Monthly Archives: September 2013

A Trie in PHP

A trie is a tree used to compactly represent a natural-language dictionary. The nodes themselves contain only a part of the information they represent: the node’s value must be appended to its parent’s key in order to obtain the information it represents. Most nodes in a trie (in some tries, all nodes) contain a single character. A node’s children contain characters which may be appended to its key in order to form a word in the dictionary.

That description is probably better if you already understand what a trie is supposed to do. A picture works better.

A trie representing the words 'cart,' 'care,' 'cat' and 'coins'

A trie storing the words ‘cart,’ ‘care,’ ‘cat’ and ‘coins’

The trie above could just as well store ‘car,’ as well, so long as we give each node a flag to determine whether its key is a word in our dictionary.

Here’s the code for the trie and the trienode:

And the code to try it out:

Which gives the expected output.

A Binary Tree in Java

A tree is a data structure in which each node contains links to zero or more child nodes, but only zero or one parent nodes. Furthermore, in any tree, there should be only one node with zero parents. We refer to the parent-less node as the ‘root’ of the tree. Nodes without children are called ‘leaf nodes’ or simply ‘leaves.’

A tree

A tree

A binary tree is a tree in which a node may have only zero, one or two children.

A binary tree 

Limiting the number of child nodes to two allows us to store data for more efficient searching later, especially if we are careful about how we insert new nodes into the tree.

Much like with the linked list, we define a node class which stores the data and the relationship between each node and its children:

In fact, it’s safe to think of the node as being a tree in and of itself: instead of nodes with left and right child nodes, we could speak of trees with left and right subtrees. We could put everything for the entire binary tree concept in a single class, and it wouldn’t be that hard to understand. That’s not possible for all data structures, and I’d like to keep my conventions similar across this entire project, so I’m going to stick with the node/structure class distinction.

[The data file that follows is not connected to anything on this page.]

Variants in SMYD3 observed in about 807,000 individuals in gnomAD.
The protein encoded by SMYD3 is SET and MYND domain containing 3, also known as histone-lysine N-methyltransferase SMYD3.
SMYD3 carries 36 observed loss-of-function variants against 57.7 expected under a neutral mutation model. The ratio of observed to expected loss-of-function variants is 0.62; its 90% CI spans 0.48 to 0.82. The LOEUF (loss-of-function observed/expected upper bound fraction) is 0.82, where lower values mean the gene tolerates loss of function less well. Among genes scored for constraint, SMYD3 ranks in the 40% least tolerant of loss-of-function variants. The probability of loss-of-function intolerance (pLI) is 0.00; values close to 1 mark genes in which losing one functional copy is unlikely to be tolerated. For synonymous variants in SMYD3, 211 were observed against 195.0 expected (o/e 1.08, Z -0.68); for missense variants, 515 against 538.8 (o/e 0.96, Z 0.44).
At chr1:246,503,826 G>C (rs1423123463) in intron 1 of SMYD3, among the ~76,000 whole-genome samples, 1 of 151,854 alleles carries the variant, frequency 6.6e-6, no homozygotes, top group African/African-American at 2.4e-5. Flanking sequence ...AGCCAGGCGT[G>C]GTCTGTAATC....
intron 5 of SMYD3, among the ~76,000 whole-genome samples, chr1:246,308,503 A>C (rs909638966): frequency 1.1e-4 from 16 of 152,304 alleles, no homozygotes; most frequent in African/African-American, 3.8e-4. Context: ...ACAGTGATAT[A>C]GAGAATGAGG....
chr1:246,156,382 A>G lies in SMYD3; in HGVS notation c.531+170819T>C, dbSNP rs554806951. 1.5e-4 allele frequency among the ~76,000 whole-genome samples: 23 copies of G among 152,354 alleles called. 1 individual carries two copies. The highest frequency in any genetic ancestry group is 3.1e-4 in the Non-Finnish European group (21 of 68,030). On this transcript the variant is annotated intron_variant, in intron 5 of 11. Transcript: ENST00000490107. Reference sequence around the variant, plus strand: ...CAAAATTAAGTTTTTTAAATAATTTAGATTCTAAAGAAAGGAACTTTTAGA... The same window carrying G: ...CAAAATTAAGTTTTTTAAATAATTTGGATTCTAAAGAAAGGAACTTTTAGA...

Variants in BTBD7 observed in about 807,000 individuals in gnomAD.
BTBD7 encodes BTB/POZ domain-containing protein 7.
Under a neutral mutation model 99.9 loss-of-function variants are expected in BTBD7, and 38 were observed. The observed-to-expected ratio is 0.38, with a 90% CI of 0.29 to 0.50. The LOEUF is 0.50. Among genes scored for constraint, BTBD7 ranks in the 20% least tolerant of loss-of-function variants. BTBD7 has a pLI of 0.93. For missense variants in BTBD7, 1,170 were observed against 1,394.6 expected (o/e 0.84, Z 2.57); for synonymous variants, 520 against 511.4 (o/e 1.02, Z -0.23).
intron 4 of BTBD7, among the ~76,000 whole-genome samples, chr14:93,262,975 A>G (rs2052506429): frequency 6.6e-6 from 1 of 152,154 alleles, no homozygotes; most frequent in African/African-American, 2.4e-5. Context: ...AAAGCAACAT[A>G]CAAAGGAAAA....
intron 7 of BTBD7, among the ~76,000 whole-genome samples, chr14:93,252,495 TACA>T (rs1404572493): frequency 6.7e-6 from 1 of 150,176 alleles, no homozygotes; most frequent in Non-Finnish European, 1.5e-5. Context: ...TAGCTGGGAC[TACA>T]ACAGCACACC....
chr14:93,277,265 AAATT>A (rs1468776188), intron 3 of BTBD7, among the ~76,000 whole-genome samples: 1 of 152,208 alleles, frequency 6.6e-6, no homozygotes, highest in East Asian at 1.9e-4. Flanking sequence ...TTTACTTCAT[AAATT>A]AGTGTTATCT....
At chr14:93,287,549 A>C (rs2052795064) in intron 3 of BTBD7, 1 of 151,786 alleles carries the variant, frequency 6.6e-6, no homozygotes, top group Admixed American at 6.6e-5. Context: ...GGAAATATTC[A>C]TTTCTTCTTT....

Since the node  itself contains the bare minimum functionality for the tree, the bare minimum tree class is somewhat spartan.

And let’s round things out with some client code.

Which gives the expected output:

Implementing just a binary tree as such is a little bit silly. The real advantages of the structure become clear with binary search trees, in which we add the restriction that a node’s left child (and their left children) should have values less than the node itself, and that the right children (and their right children) should have values greater than the node itself. This restriction allows us to search the tree very quickly.

Simple Linked List in C#

Before I start interviewing in earnest, I need to be well-versed on some widely-used data structures and algorithms. We covered all of them (and more) as part of UM’s CS curriculum, but that was long enough ago that I wouldn’t pass the finals now. Implementing these data structures will grant me enough familiarity with them that I’ll feel comfortable answering relevant questions in an interview.

The necessary data structures are linked lists, binary trees, tries, stacks, queues, vectors, and hash tables, as suggested by McDowell’s Cracking the Coding Interview. I intend to cover them in order, rotating between C#, Java and PHP. As I continue this process, I may repeat the exercises in other languages.